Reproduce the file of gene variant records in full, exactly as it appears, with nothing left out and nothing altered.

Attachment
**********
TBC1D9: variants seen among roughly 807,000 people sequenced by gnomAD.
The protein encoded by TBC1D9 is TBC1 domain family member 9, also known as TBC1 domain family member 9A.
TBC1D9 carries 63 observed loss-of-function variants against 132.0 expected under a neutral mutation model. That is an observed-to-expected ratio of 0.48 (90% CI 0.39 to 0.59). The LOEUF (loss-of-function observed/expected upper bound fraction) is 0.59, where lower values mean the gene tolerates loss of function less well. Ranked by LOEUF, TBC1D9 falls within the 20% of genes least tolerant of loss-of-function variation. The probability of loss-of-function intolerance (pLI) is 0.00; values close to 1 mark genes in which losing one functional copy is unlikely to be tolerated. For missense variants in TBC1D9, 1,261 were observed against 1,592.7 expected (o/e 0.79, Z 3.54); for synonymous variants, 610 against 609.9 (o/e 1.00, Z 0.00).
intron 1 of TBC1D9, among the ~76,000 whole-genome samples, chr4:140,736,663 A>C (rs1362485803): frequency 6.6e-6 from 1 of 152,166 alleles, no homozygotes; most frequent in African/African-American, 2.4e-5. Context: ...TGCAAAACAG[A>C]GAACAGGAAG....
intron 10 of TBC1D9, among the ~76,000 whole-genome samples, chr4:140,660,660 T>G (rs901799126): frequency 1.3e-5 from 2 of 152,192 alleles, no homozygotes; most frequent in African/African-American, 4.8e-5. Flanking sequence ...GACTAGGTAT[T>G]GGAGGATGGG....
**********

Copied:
TBC1D9: variants seen among roughly 807,000 people sequenced by gnomAD.
The protein encoded by TBC1D9 is TBC1 domain family member 9, also known as TBC1 domain family member 9A.
TBC1D9 carries 63 observed loss-of-function variants against 132.0 expected under a neutral mutation model. That is an observed-to-expected ratio of 0.48 (90% CI 0.39 to 0.59). The LOEUF (loss-of-function observed/expected upper bound fraction) is 0.59, where lower values mean the gene tolerates loss of function less well. Ranked by LOEUF, TBC1D9 falls within the 20% of genes least tolerant of loss-of-function variation. The probability of loss-of-function intolerance (pLI) is 0.00; values close to 1 mark genes in which losing one functional copy is unlikely to be tolerated. For missense variants in TBC1D9, 1,261 were observed against 1,592.7 expected (o/e 0.79, Z 3.54); for synonymous variants, 610 against 609.9 (o/e 1.00, Z 0.00).
intron 1 of TBC1D9, among the ~76,000 whole-genome samples, chr4:140,736,663 A>C (rs1362485803): frequency 6.6e-6 from 1 of 152,166 alleles, no homozygotes; most frequent in African/African-American, 2.4e-5. Context: ...TGCAAAACAG[A>C]GAACAGGAAG....
intron 10 of TBC1D9, among the ~76,000 whole-genome samples, chr4:140,660,660 T>G (rs901799126): frequency 1.3e-5 from 2 of 152,192 alleles, no homozygotes; most frequent in African/African-American, 4.8e-5. Flanking sequence ...GACTAGGTAT[T>G]GGAGGATGGG....